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Batteries the biggest obstacle to solar power in the Pacific

Monday 25th March 2013

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The rapidly falling costs of electricity produced from the using photo-voltaic cells makes solar power one of the best options for remote Pacific Islands, but the cost and short lifespan of current battery technology is still a limitation.

Speaking from an international donors' conference on Pacific Island countries' energy needs, the European Union's Suva-based head of operations for the region, Renato Mele, told BusinessDesk said solar PV technology was now "very high in our set of priorities" now that PV cell costs have fallen.

In New Zealand, for example, plummeting solar PV array prices can now deliver electricity at a cost lower than it comes from the national grid, although that is only true if the consumer cuts their links with the grid, meaning they have no security of supply during periods of low sunlight, including night.

In more built-up, urban parts of the Pacific, solar PV also needed to be grid-connected, and required island states' electricity grids to be configured to allow variable contributions from solar PV when it was available, backed up by batteries and high efficiency diesel generators.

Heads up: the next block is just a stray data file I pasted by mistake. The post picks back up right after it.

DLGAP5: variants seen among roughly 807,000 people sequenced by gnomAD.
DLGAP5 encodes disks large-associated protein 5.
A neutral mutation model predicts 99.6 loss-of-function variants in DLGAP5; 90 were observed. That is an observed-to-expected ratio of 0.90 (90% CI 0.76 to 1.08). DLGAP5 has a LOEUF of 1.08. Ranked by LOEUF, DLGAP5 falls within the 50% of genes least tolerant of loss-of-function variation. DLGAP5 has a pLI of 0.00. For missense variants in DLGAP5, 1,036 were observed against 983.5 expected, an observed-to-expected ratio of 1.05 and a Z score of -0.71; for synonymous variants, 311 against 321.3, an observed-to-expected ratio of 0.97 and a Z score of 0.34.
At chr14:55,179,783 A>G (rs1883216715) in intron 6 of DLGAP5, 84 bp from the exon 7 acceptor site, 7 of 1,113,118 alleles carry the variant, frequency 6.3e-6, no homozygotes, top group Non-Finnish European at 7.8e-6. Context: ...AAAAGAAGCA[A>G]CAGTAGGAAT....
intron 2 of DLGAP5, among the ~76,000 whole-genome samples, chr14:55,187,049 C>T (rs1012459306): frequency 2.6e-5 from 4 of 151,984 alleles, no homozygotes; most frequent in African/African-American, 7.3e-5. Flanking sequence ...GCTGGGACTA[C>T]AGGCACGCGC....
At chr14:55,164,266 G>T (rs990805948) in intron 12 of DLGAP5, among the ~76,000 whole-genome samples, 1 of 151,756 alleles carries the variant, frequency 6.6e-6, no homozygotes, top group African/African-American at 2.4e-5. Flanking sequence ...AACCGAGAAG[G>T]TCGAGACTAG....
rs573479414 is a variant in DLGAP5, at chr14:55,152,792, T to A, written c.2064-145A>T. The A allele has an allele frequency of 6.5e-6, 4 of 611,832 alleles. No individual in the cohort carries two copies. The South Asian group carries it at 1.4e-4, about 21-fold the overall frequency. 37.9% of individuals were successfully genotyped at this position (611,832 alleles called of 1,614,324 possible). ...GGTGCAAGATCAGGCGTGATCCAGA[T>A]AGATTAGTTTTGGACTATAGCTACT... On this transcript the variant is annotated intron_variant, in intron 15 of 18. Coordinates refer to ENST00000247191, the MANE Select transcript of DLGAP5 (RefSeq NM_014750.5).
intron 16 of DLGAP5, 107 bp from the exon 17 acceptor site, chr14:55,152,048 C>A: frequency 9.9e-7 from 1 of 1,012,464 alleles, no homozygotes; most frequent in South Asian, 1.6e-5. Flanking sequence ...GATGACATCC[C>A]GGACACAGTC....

"If the grid distribution isn't sufficient and there are excessive energy losses and the grid isn't configured to absorb production from a solar plant at full power, it doesn't work properly," Mele said. That made energy efficiency an equally important focus for Pacific Island states.

For cooking, the EU is promoting bio-gas production using organic waste.

The World Bank announced at the conference today a new solar cell project for Kiribati, jointly funded by the Australian government and the bank's Global Environment Facility.

AusAID Australia will provide A$3.2 million for the project, with US$1 million coming from the GEF, will install solar panels at four sites in the capital, South Tarawa, and is expected to reduce diesel use by up to 230,000 litres annually.

Around half the 110,000 people of Kiribati live on Tarawa atoll and are depend on diesel generators for electricity.

However, Mele said while solar was a viable solution for Pacific nations, the humidity and heat of the local climate could reduce battery life, normally around five years, to as little as 12 months, creating additional costs of clean-up and replacement.

While battery storage technology is also advancing swiftly, and "the cost of batteries is not as bad as the cost of diesel," he said.

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